N.Y.A. turned to Kalkes who rattled back-to-back first down runs on the opposite side of the field.
With their best pursuit linebacker out, Norwood's march down the field would be defined by two disputable plays.
On a 4th and 13 with 9:14 left, Hoernermann evaded a heavy four-man rush to scramble to the Saints' 24-yard line for a first down, although the Saints sideline argued his knee hit the ground a yard short of the marker.
Two plays later, Hoenermann evaded the grasp of Michael Suarez and slipped into the end zone for Norwood's only offensive TD.
With the score knotted up at 14, controversy struck again on the two-point conversion when Hoenermann found wideout Bryce Holman at the goal line.
The Saints argued that neither Holman nor the ball broke the plane - but referees awarded N.Y.A. the tie-breaking two-point conversion.
"I think those two plays could've sunk any team on any day," said coach Wilson. "But this team battled back."
Halvorson, who finished the game 20-27 throwing for 241 yards, connected with Cole Durheim on a 21-yard pass to move them into N.Y.A. territory.
Coupled with the stagnation of the run game (48 total rushing yards), the Saints faced a monumental 4th and inches situation with 7:25 left in the game.
With his team on the precipice of victory, the junior signal-caller moved the chains on a nail-bitingly close QB sneak.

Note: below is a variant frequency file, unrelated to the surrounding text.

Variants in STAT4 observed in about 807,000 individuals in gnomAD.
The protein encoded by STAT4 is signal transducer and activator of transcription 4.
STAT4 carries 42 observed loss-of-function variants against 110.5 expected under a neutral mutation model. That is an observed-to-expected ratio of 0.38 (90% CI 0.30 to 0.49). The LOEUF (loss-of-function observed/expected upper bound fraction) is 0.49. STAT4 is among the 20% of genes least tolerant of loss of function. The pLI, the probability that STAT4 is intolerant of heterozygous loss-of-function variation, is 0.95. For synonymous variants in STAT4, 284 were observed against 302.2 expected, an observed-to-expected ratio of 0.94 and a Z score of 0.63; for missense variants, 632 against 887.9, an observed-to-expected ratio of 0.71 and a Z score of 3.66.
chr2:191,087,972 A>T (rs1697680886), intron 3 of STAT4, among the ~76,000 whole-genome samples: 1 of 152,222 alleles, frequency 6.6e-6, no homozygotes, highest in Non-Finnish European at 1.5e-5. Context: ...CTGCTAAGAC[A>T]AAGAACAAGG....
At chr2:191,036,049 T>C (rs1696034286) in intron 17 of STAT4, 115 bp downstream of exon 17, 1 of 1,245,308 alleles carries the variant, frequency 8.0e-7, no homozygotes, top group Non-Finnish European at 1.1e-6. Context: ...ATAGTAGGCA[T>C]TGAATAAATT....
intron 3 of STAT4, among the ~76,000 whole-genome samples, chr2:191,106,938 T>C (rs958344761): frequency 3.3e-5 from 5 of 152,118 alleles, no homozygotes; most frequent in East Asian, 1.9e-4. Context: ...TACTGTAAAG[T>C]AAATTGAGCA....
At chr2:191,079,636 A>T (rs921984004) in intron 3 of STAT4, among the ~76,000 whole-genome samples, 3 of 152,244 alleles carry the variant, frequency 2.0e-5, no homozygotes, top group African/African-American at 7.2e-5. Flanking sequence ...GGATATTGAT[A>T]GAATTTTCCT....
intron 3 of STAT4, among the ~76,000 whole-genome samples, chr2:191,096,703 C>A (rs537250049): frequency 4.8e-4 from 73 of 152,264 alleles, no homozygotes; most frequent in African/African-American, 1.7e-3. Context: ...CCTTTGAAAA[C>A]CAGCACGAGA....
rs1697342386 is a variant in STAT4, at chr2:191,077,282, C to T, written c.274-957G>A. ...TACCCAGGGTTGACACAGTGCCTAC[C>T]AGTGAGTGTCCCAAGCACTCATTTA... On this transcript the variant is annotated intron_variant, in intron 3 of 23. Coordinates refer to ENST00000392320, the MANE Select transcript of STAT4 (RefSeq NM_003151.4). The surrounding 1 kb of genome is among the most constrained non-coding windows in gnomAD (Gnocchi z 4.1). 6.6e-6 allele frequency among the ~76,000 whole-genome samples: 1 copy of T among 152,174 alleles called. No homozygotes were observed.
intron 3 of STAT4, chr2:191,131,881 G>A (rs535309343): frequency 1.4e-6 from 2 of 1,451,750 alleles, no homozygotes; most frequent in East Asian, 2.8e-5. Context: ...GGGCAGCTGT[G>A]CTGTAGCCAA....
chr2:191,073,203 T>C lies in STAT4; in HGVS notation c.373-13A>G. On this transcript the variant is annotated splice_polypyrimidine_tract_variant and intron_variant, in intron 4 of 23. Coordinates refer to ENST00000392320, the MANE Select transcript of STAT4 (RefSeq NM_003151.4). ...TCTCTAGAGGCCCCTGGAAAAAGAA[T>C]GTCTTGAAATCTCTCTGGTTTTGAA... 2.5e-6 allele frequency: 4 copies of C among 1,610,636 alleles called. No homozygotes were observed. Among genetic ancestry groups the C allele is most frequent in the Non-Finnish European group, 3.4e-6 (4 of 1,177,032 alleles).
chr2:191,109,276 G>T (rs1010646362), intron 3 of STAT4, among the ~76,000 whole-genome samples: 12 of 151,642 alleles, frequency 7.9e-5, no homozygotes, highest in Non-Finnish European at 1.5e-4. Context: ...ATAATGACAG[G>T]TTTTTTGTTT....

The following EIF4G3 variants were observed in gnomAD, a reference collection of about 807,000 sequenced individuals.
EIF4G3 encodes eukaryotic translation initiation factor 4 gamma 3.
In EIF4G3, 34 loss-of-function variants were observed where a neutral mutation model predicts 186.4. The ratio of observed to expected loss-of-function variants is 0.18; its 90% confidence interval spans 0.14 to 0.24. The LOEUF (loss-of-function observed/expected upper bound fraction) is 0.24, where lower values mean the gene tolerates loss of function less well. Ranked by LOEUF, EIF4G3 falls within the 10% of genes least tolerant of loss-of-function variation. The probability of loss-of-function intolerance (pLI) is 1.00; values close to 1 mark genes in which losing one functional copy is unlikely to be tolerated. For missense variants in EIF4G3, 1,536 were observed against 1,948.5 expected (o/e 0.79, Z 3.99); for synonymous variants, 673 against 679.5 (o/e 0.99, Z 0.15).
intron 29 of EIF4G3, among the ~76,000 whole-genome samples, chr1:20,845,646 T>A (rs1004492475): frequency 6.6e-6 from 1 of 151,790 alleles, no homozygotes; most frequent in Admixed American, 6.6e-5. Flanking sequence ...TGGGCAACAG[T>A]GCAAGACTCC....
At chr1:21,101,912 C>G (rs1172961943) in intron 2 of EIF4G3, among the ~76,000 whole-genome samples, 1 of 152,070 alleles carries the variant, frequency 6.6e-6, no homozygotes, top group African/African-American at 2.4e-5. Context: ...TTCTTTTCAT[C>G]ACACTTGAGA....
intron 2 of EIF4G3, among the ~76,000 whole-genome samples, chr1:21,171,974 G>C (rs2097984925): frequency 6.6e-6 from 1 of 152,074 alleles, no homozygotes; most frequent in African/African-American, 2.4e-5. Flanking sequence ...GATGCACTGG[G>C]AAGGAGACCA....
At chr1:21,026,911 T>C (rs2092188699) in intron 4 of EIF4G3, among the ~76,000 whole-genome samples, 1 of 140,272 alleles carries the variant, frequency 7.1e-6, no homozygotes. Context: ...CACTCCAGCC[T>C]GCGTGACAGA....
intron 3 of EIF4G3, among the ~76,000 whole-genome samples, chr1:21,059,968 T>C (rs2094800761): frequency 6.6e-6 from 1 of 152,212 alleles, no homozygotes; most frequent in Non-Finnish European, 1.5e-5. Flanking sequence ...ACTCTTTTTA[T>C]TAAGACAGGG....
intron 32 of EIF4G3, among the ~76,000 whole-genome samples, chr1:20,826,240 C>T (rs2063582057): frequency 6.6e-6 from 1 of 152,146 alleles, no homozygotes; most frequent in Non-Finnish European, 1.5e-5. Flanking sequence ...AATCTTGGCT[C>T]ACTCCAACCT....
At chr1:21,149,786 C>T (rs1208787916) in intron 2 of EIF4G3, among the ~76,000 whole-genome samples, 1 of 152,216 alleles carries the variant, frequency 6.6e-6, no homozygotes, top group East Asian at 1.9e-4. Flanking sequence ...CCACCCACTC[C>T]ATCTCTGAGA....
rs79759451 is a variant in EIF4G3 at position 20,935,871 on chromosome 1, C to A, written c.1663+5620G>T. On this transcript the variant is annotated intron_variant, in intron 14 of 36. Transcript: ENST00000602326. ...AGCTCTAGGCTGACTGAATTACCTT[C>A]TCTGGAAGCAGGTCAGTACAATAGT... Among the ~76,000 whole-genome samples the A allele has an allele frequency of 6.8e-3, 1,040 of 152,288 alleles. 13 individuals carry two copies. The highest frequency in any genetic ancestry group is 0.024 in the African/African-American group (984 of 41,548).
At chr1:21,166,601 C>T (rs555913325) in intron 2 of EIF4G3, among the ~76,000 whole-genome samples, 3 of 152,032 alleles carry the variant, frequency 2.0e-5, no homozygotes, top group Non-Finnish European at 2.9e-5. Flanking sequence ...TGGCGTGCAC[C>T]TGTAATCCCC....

When the referee motioned for the first down, the crowd erupted in a roar that could deafen the billowing train that chugs through downtown St. James.
That roar was surpassed moments later when Kobe Mohwinkel dashed and dove into the left pylon to give the Saints the late-game lead.
Mohwinkel's touchdown flipped the familiar script of St. James football on its head.
The Saints sideline was an unusual sight - jubilant hugs between teammates, players pumping up the raucous crowd and most importantly, and a prevailing sense of victory.
The true celebration was actualized when Parker Jones picked off a wayward Tom Hoenermann hail mary attempt to seal the 20-16 victory.
When asked how it felt to end the team's near two-year slump, coach Wilson simply replied, "It feels great, they earned it."
The Saints will look to take the momentum into Friday's matchup as they go on the road to face Martin County West (0-1), the last team they beat before Thursday’s win.

Stats:
Passing:
Halvorson (20-27, 241 yds, 1/1 TD-INT)

Rushing:
Brey 19 yds, 14 att., 1 TD)
Mohwinkel (11 yds, 5 att, 1 TD)
Halvorson (12 yds, 10 att.)
T. Johnson (6 yds, 1 att.)

Recieving:
P. Jones (167 yds, 9 rec.)
D. Anderson (29 yds, 3 rec, TD)
Durheim (23 yds, 2 rec.)
Mohwinkel (15 yds, 2 rec.)
Kulseth (12 rec, 1 rec)
Brey (-5 yds, 2 rec.)

Defense:
Brey (11 TOT, 3 solo, 3 TFL)
M. Suarez (8 TOT, 2 solo, 0 TFL)
Sykes (6 TOT, 4 solo, 3 TFL)
Halvorson (6 TOT, 1 solo, 1 TFL)
F. Suarez (6 TOT, 2 solo, 1 TFL)
Durheim (7 TOT, 5 solo)
T. Johnson (6 TOT, 2 solo, 1 TFL)
P. Jones (3 TOT, 3 solo, 1 INT)
Carlson (2 TOT)
Kulseth (2 TOT, 1 solo)
Rodriguez (2 TOT)
D. Anderson (1 TOT)
Morales-Banda (1 TOT)
L. Anderson (1 TOT, 1 solo)
Engelking (1 TOT)
Avalos (1 TOT)
Aguilar (1 TOT)